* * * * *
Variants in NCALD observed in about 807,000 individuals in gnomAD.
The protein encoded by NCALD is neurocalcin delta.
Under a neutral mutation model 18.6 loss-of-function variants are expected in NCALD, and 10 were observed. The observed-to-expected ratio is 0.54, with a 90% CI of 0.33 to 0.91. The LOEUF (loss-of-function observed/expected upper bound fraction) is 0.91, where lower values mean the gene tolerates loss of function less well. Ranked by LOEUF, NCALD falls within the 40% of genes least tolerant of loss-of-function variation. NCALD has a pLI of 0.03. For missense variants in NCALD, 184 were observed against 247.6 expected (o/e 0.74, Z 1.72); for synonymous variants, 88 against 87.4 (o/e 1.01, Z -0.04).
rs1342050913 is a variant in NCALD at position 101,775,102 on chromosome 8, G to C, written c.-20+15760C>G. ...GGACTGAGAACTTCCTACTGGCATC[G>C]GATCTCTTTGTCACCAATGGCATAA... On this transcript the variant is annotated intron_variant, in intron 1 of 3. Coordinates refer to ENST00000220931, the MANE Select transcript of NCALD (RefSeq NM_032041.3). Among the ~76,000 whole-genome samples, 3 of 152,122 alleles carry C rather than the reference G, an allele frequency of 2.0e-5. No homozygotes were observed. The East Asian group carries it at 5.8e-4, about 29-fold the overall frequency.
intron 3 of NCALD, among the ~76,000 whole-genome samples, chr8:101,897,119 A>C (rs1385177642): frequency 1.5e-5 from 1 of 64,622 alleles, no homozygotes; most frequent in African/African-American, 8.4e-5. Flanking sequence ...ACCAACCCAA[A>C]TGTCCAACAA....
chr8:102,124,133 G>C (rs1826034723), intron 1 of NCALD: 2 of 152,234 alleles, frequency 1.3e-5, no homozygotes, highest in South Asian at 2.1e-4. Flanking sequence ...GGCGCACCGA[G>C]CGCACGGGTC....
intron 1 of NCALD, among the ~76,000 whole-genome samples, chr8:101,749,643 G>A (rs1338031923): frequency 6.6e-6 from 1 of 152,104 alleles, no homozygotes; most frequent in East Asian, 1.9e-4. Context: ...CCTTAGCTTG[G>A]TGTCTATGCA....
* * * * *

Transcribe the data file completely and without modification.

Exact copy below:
Variants in NCALD observed in about 807,000 individuals in gnomAD.
The protein encoded by NCALD is neurocalcin delta.
Under a neutral mutation model 18.6 loss-of-function variants are expected in NCALD, and 10 were observed. The observed-to-expected ratio is 0.54, with a 90% CI of 0.33 to 0.91. The LOEUF (loss-of-function observed/expected upper bound fraction) is 0.91, where lower values mean the gene tolerates loss of function less well. Ranked by LOEUF, NCALD falls within the 40% of genes least tolerant of loss-of-function variation. NCALD has a pLI of 0.03. For missense variants in NCALD, 184 were observed against 247.6 expected (o/e 0.74, Z 1.72); for synonymous variants, 88 against 87.4 (o/e 1.01, Z -0.04).
rs1342050913 is a variant in NCALD at position 101,775,102 on chromosome 8, G to C, written c.-20+15760C>G. ...GGACTGAGAACTTCCTACTGGCATC[G>C]GATCTCTTTGTCACCAATGGCATAA... On this transcript the variant is annotated intron_variant, in intron 1 of 3. Coordinates refer to ENST00000220931, the MANE Select transcript of NCALD (RefSeq NM_032041.3). Among the ~76,000 whole-genome samples, 3 of 152,122 alleles carry C rather than the reference G, an allele frequency of 2.0e-5. No homozygotes were observed. The East Asian group carries it at 5.8e-4, about 29-fold the overall frequency.
intron 3 of NCALD, among the ~76,000 whole-genome samples, chr8:101,897,119 A>C (rs1385177642): frequency 1.5e-5 from 1 of 64,622 alleles, no homozygotes; most frequent in African/African-American, 8.4e-5. Flanking sequence ...ACCAACCCAA[A>C]TGTCCAACAA....
chr8:102,124,133 G>C (rs1826034723), intron 1 of NCALD: 2 of 152,234 alleles, frequency 1.3e-5, no homozygotes, highest in South Asian at 2.1e-4. Flanking sequence ...GGCGCACCGA[G>C]CGCACGGGTC....
intron 1 of NCALD, among the ~76,000 whole-genome samples, chr8:101,749,643 G>A (rs1338031923): frequency 6.6e-6 from 1 of 152,104 alleles, no homozygotes; most frequent in East Asian, 1.9e-4. Context: ...CCTTAGCTTG[G>A]TGTCTATGCA....